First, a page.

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Text Analysis in the Arts and Humanities

Module by: Tobias Blanke. E-mail the authorEdited By: Alex Voss, Elizabeth Vander Meer

Summary: This chapter introduces the use of computer-enabled methods of research in text analysis.

Key Concepts

  • Digital scholarship
  • Data-driven research
  • TextGrid and collaborative working
  • HiTHeR (High ThroughPut Computing in Humanities e-Research) and use of e-Infrastructure

Introduction

According to UNESCO reports, Britain tops the European lists of research publications per year in philology, literature and other text-based studies such as philosophy. Worldwide, Britain overtook the U.S. in 2006 in terms of book publications per year. In the list of countries for number of book publications in the latest available year, Britain is no. 1. These figures emphasize the urgent need for the British textual studies communities to explore new ways of dealing with this deluge of research data.

Based on these quoted figures, collaboration becomes fundamental to digital scholarship in textual studies. No researcher alone will be able to cope with the plethora of new daily published material. Furthermore, text analysis in the humanities can be a tedious and time-consuming task. But advanced computer-enabled methods make the process easier for digital or digitised works. Researchers can search large texts rapidly, conduct complex searches and have the results presented in context. The ease brought to the analysis process allows the researcher to engage with texts more thoroughly and can then lead to the development of insightful, well-crafted interpretations of texts.

Various projects have emerged internationally in recent years that allow for a new scale of textual studies research, in keeping with the idea of new data-driven research. Software developed by the US MONK (Metadata Offer New Knowledge) project helps humanities scholars discover and analyze patterns in texts,1 while its sister project SEASR (Software Environment for the Advancement of Scholarly Research) enables digital humanities developers to design, build, and share software applications that support research and collaboration in textual studies.2 Aus-e-Lit is an Australian project aimed at Australian literary scholars to allow them to seamlessly search across relevant databases and archives to retrieve reliable information on a particular author, topic or publication.3 These are just three projects quite closely linked to e-Research initiatives, but there are many more. For over fifty years, there has been a worldwide academic movement to work on Digital Humanities, resulting in many achievements, especially in the field of textual studies. It is impossible in the space of this chapter to list all of these projects (for a history of Digital Humanities and some of the involved textual scholarship see Schreibman, Siemens et al. 2004). Instead, we shall concentrate on two projects linked to both Digital Humanities and e-Research, which exemplify in very particular ways two major new developments in textual studies research that are directly linked to the shift in methodologies based on data-driven research: the German TextGrid project illustrates the value of new collaborative research in textual studies, while the UK project HiTHeR (High ThroughPut Computing in Humanities e-Research) demonstrates the effective use of e-Infrastructure to support everyday research in the Digital Humanities.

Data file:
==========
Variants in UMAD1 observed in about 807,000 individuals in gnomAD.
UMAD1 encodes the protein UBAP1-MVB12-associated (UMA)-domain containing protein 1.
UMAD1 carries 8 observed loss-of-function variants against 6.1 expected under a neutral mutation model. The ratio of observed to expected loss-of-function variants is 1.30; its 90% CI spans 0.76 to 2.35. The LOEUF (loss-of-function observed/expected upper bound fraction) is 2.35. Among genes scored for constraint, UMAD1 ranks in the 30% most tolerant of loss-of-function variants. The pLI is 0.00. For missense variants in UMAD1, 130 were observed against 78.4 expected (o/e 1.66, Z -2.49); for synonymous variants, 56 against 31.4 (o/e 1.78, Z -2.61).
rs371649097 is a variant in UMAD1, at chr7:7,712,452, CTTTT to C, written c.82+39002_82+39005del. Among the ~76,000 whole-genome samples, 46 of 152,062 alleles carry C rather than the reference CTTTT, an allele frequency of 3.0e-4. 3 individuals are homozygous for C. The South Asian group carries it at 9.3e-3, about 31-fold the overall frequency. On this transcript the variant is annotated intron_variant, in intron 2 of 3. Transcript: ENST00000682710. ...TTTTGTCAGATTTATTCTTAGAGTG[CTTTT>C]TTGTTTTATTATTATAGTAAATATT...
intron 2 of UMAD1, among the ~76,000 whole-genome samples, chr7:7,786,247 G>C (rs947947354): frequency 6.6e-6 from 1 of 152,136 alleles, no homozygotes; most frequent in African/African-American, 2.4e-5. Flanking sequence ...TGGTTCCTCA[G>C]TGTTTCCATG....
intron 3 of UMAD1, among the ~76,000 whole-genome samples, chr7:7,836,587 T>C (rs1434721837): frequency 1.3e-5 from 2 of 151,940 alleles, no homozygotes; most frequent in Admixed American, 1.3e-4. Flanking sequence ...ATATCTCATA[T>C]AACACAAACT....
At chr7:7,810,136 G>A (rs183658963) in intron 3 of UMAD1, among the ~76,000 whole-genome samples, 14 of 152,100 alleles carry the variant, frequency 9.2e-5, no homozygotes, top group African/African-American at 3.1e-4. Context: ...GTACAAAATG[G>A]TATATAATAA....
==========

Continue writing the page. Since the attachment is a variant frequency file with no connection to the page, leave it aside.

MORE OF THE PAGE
Collaboration in textual studies - TextGrid

TextGrid4 is primarily concerned with historical-critical editions for modern cross-language researchers. Such historical-critical editions often form the basis for more light-weight editions for study and reading. Such editions can be very large and very detailed. They cannot be the result of the work of one individual researcher alone, but have to be the result of a collaborative effort. It is TextGrid’s key innovation to facilitate such (virtual) collaboration across language and national barriers.

In its first phase of funding, TextGrid delivered a modular platform for collaborative textual editing, mainly based on the community standard of the Text Encoding Initiative (TEI).5 As a community grid for textual studies, TextGrid forms a cornerstone in the emerging German e-Humanities agenda. Its success has also been noted in the UK, where the arts and humanities e-Science initiative allowed researchers to experiment with new technologies to cope with the research data deluge in textual studies. The UK e-Science Scoping Study for textual studies, written by Professor Peter Robinson from Birmingham University, quotes TextGrid as a prime example of how to advance literary and textual studies with new digital services, because it addresses the need for collaborative resource creation, comparison (that is, collation and alignment), analysis and annotation.